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Litchenthaler, H. K. (1987). Chlorophylls and carotenoids: pigments of photosynthetic biomembranes. Methods in Enzymology, 148: 350-383.

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Article

Bioactive Compounds and Antioxidant Potential of Food Industry By-products in Egypt

1Department of Nutrition and Food Science, Faculty of Home Economics, Minoufiya University, Shebin El-Kom

2Department of Home Economics, Faculty of Specific Education, Port Said University, Port Said, Egypt


American Journal of Food and Nutrition. 2016, Vol. 4 No. 1, 1-7
DOI: 10.12691/ajfn-4-1-1
Copyright © 2016 Science and Education Publishing

Cite this paper:
Yousif Elhassaneen, Safaa El-Waseef, Naglaa Fathy, Sarah Sayed Ahmed. Bioactive Compounds and Antioxidant Potential of Food Industry By-products in Egypt. American Journal of Food and Nutrition. 2016; 4(1):1-7. doi: 10.12691/ajfn-4-1-1.

Correspondence to: Yousif  Elhassaneen, Department of Nutrition and Food Science, Faculty of Home Economics, Minoufiya University, Shebin El-Kom. Email: yousif12@hotmail.com

Abstract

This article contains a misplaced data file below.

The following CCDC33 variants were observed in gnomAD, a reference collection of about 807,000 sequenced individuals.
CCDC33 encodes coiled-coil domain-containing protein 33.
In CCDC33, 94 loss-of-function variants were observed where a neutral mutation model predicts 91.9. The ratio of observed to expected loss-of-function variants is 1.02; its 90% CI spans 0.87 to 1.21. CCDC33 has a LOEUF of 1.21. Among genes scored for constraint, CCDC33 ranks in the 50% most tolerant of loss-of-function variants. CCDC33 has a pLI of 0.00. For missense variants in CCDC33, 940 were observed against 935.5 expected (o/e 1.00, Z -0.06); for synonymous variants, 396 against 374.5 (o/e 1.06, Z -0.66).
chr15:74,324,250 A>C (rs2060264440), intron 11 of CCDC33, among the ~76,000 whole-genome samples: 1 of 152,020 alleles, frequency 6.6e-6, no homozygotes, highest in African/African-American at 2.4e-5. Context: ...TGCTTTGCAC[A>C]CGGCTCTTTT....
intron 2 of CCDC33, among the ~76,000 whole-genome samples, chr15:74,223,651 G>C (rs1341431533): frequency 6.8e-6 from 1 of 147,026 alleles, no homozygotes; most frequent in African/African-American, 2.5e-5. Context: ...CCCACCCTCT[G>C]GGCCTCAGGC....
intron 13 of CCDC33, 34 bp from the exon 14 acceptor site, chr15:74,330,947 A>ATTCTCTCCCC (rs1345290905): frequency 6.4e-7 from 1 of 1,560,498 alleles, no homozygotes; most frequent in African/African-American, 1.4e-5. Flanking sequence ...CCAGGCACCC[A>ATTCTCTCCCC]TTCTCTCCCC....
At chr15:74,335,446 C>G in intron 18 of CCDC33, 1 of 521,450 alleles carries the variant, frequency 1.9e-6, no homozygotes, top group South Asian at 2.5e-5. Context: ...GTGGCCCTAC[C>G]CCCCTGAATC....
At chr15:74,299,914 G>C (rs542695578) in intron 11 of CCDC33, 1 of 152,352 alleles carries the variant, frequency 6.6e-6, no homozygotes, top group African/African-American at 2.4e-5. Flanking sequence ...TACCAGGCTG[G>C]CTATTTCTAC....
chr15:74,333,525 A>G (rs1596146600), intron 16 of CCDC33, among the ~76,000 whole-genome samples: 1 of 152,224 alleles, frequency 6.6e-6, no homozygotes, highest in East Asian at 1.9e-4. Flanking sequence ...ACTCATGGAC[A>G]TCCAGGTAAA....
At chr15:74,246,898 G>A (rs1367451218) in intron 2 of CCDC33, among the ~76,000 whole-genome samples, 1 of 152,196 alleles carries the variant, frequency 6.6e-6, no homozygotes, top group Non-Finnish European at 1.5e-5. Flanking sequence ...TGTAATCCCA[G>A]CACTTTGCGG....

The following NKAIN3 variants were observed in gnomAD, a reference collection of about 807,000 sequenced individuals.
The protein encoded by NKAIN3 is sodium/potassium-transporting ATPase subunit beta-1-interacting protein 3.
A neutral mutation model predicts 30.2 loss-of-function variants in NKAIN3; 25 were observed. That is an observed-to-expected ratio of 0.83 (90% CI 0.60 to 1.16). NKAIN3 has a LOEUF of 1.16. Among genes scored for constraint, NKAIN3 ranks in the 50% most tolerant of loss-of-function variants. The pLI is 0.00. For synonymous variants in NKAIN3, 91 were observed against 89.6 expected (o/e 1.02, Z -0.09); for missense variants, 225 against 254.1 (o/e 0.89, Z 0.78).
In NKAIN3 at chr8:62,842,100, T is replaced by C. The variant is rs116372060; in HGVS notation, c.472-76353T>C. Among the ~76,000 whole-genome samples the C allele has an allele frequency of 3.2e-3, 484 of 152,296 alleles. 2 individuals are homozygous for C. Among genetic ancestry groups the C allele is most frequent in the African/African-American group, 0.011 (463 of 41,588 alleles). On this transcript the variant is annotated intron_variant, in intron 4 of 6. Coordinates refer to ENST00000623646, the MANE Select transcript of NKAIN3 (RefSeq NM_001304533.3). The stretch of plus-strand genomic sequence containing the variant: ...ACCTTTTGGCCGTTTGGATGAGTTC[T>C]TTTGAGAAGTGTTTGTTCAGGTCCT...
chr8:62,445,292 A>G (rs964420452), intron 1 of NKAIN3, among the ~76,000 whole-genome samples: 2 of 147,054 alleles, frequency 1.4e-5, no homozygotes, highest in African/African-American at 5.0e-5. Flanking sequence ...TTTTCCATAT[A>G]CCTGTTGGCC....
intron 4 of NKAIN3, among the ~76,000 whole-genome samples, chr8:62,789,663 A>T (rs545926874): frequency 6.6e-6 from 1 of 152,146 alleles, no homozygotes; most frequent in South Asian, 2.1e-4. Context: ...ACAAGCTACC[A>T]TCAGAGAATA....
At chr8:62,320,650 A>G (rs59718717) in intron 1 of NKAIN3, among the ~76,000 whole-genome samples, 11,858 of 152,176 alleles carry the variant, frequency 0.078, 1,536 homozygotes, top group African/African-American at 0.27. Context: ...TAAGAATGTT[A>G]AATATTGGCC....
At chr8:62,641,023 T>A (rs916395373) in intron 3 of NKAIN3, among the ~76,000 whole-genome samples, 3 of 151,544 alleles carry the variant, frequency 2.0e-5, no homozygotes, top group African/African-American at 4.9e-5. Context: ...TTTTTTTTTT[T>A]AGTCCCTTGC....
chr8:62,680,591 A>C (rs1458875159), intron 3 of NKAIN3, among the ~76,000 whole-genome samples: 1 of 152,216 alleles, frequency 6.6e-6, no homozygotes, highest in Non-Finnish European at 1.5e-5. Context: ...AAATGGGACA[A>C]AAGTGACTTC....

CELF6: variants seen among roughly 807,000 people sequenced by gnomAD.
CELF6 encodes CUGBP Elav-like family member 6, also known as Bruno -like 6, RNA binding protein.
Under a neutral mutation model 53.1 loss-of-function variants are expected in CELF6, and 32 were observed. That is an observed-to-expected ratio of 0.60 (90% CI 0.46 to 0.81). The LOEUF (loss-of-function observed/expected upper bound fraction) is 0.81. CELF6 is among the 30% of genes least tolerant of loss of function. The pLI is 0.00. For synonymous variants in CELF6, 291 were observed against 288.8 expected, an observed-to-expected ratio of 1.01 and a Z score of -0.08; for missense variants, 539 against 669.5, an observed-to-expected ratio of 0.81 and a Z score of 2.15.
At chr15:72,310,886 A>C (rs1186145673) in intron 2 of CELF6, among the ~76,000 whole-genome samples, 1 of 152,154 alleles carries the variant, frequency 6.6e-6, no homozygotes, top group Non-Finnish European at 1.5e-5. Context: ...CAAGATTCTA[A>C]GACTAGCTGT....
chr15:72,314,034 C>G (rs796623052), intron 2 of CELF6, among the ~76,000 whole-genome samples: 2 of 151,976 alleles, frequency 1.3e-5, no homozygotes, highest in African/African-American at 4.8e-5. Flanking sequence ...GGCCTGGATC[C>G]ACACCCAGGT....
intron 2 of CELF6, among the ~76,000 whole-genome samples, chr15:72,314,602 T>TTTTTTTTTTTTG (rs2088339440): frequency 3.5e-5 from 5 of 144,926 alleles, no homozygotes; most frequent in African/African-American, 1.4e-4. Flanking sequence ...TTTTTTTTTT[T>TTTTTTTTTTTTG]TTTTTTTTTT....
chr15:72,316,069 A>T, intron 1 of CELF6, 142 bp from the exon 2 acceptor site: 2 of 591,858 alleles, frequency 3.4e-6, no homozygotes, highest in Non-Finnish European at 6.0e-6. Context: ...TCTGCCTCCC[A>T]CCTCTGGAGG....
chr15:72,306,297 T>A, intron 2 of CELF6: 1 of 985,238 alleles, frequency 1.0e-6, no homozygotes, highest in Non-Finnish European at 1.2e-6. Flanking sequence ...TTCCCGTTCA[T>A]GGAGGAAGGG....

The present study was carried out to examine the bioactive compounds and antioxidant potential of four food industry by-products (potato peel, cauliflower leaves, onion skin and mango peel) in Egypt. The total dietary fiber content for all tested by-products was ranged 27.15-42.71 g.100g-1, total carotenoids was 92.43- 412.14 mg.100g-1 and total phenolics was 1104-7129 mg GAE.100 g-1. The mango peel powder (MPP) was recorded the highest content of total dietary fiber and total carotenoids while red onion skin powder (ROSP) recorded the highest values of total phenolics. The food by-product extracts showed considerable differences in antioxidant activity when it was calculated by the four different methods used in this study. The antioxidant value (AOX, A/h), antioxidant activity (AA,%), oxidation rate ratio (ORR) and Antioxidant activity coefficient (AAC) were ranged 0.017-0.106, 81.23-96.98, 0.030-0.187 and 584.46-858.27, respectively. ROSP showed strong antioxidant activity followed by MPP, PPP and CLP, respectively. Correlation analysis indicated that there were a strong positive significant relationship (r2 = 0.741-0.962, p≤ 0.01) between total phenolics content and antioxidant activity and a positive significant relationship (r2 = 0. 604-0.718, p≤ 0.05) between total carotenoids content and antioxidant activity in all tested by-products. These correlations confirm that phenolic compounds mainly with carotenoids partially are responsible for the antioxidant activity of the tested by-products. In conclusion, data of the present study revealed that food industry by-products can be good sources of valuable bioactive compounds and antioxidants subsequently extend their potential uses in nutritional and therapeutic applications.

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